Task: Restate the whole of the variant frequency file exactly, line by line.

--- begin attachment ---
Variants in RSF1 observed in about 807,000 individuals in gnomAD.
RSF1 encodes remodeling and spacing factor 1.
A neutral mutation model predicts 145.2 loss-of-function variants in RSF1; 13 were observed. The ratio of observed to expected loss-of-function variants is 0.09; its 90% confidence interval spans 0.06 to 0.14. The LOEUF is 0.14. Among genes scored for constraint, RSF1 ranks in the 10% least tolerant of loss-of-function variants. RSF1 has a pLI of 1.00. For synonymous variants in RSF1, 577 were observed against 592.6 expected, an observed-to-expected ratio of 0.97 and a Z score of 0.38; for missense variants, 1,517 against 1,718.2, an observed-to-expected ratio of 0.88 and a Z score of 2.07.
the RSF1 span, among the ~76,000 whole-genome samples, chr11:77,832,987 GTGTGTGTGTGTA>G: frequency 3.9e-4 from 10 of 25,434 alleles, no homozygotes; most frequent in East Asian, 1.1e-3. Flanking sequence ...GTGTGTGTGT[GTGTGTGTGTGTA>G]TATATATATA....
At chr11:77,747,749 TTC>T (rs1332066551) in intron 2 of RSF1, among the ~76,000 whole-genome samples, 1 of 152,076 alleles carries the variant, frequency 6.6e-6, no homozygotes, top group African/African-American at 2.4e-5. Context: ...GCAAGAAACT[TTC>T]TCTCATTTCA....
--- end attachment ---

Variants in RSF1 observed in about 807,000 individuals in gnomAD.
RSF1 encodes remodeling and spacing factor 1.
A neutral mutation model predicts 145.2 loss-of-function variants in RSF1; 13 were observed. The ratio of observed to expected loss-of-function variants is 0.09; its 90% confidence interval spans 0.06 to 0.14. The LOEUF is 0.14. Among genes scored for constraint, RSF1 ranks in the 10% least tolerant of loss-of-function variants. RSF1 has a pLI of 1.00. For synonymous variants in RSF1, 577 were observed against 592.6 expected, an observed-to-expected ratio of 0.97 and a Z score of 0.38; for missense variants, 1,517 against 1,718.2, an observed-to-expected ratio of 0.88 and a Z score of 2.07.
the RSF1 span, among the ~76,000 whole-genome samples, chr11:77,832,987 GTGTGTGTGTGTA>G: frequency 3.9e-4 from 10 of 25,434 alleles, no homozygotes; most frequent in East Asian, 1.1e-3. Flanking sequence ...GTGTGTGTGT[GTGTGTGTGTGTA>G]TATATATATA....
At chr11:77,747,749 TTC>T (rs1332066551) in intron 2 of RSF1, among the ~76,000 whole-genome samples, 1 of 152,076 alleles carries the variant, frequency 6.6e-6, no homozygotes, top group African/African-American at 2.4e-5. Context: ...GCAAGAAACT[TTC>T]TCTCATTTCA....